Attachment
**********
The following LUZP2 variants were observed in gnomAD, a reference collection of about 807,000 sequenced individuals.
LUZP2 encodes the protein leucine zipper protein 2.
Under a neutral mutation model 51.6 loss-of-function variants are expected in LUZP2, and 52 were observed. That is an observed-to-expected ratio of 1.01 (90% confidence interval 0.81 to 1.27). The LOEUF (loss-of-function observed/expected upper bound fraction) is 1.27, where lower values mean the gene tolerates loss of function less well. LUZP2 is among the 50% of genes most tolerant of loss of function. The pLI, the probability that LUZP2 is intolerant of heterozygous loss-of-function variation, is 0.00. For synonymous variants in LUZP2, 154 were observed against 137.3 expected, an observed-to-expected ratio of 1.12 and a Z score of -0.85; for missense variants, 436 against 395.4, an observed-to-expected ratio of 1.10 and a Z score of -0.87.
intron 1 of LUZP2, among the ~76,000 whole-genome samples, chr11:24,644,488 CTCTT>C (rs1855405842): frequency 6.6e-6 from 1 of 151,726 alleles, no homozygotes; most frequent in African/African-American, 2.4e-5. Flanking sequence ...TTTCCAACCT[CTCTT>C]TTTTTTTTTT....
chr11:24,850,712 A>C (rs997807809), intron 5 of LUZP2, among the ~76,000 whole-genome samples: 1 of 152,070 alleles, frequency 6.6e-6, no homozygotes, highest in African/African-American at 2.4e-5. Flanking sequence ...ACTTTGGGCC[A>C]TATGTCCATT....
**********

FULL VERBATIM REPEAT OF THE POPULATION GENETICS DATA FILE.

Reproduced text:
The following LUZP2 variants were observed in gnomAD, a reference collection of about 807,000 sequenced individuals.
LUZP2 encodes the protein leucine zipper protein 2.
Under a neutral mutation model 51.6 loss-of-function variants are expected in LUZP2, and 52 were observed. That is an observed-to-expected ratio of 1.01 (90% confidence interval 0.81 to 1.27). The LOEUF (loss-of-function observed/expected upper bound fraction) is 1.27, where lower values mean the gene tolerates loss of function less well. LUZP2 is among the 50% of genes most tolerant of loss of function. The pLI, the probability that LUZP2 is intolerant of heterozygous loss-of-function variation, is 0.00. For synonymous variants in LUZP2, 154 were observed against 137.3 expected, an observed-to-expected ratio of 1.12 and a Z score of -0.85; for missense variants, 436 against 395.4, an observed-to-expected ratio of 1.10 and a Z score of -0.87.
intron 1 of LUZP2, among the ~76,000 whole-genome samples, chr11:24,644,488 CTCTT>C (rs1855405842): frequency 6.6e-6 from 1 of 151,726 alleles, no homozygotes; most frequent in African/African-American, 2.4e-5. Flanking sequence ...TTTCCAACCT[CTCTT>C]TTTTTTTTTT....
chr11:24,850,712 A>C (rs997807809), intron 5 of LUZP2, among the ~76,000 whole-genome samples: 1 of 152,070 alleles, frequency 6.6e-6, no homozygotes, highest in African/African-American at 2.4e-5. Flanking sequence ...ACTTTGGGCC[A>C]TATGTCCATT....